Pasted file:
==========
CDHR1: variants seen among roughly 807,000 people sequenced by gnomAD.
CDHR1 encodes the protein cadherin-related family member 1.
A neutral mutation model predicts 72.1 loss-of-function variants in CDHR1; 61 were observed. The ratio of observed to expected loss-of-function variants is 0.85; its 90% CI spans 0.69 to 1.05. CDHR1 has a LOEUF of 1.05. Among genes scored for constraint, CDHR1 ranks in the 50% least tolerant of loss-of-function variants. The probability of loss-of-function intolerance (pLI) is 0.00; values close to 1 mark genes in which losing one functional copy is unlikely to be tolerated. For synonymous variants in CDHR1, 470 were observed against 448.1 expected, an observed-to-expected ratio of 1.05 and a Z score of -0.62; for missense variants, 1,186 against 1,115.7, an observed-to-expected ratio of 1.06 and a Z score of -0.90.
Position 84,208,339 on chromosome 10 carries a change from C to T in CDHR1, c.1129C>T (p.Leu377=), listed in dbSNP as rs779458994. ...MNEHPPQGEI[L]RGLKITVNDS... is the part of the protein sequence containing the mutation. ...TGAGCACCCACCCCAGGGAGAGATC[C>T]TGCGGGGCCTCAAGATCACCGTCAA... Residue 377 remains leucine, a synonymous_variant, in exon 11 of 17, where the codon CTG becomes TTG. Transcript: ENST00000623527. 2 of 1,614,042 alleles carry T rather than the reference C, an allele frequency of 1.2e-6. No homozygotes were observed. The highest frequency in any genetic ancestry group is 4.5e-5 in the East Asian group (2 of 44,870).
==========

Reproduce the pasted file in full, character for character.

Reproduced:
CDHR1: variants seen among roughly 807,000 people sequenced by gnomAD.
CDHR1 encodes the protein cadherin-related family member 1.
A neutral mutation model predicts 72.1 loss-of-function variants in CDHR1; 61 were observed. The ratio of observed to expected loss-of-function variants is 0.85; its 90% CI spans 0.69 to 1.05. CDHR1 has a LOEUF of 1.05. Among genes scored for constraint, CDHR1 ranks in the 50% least tolerant of loss-of-function variants. The probability of loss-of-function intolerance (pLI) is 0.00; values close to 1 mark genes in which losing one functional copy is unlikely to be tolerated. For synonymous variants in CDHR1, 470 were observed against 448.1 expected, an observed-to-expected ratio of 1.05 and a Z score of -0.62; for missense variants, 1,186 against 1,115.7, an observed-to-expected ratio of 1.06 and a Z score of -0.90.
Position 84,208,339 on chromosome 10 carries a change from C to T in CDHR1, c.1129C>T (p.Leu377=), listed in dbSNP as rs779458994. ...MNEHPPQGEI[L]RGLKITVNDS... is the part of the protein sequence containing the mutation. ...TGAGCACCCACCCCAGGGAGAGATC[C>T]TGCGGGGCCTCAAGATCACCGTCAA... Residue 377 remains leucine, a synonymous_variant, in exon 11 of 17, where the codon CTG becomes TTG. Transcript: ENST00000623527. 2 of 1,614,042 alleles carry T rather than the reference C, an allele frequency of 1.2e-6. No homozygotes were observed. The highest frequency in any genetic ancestry group is 4.5e-5 in the East Asian group (2 of 44,870).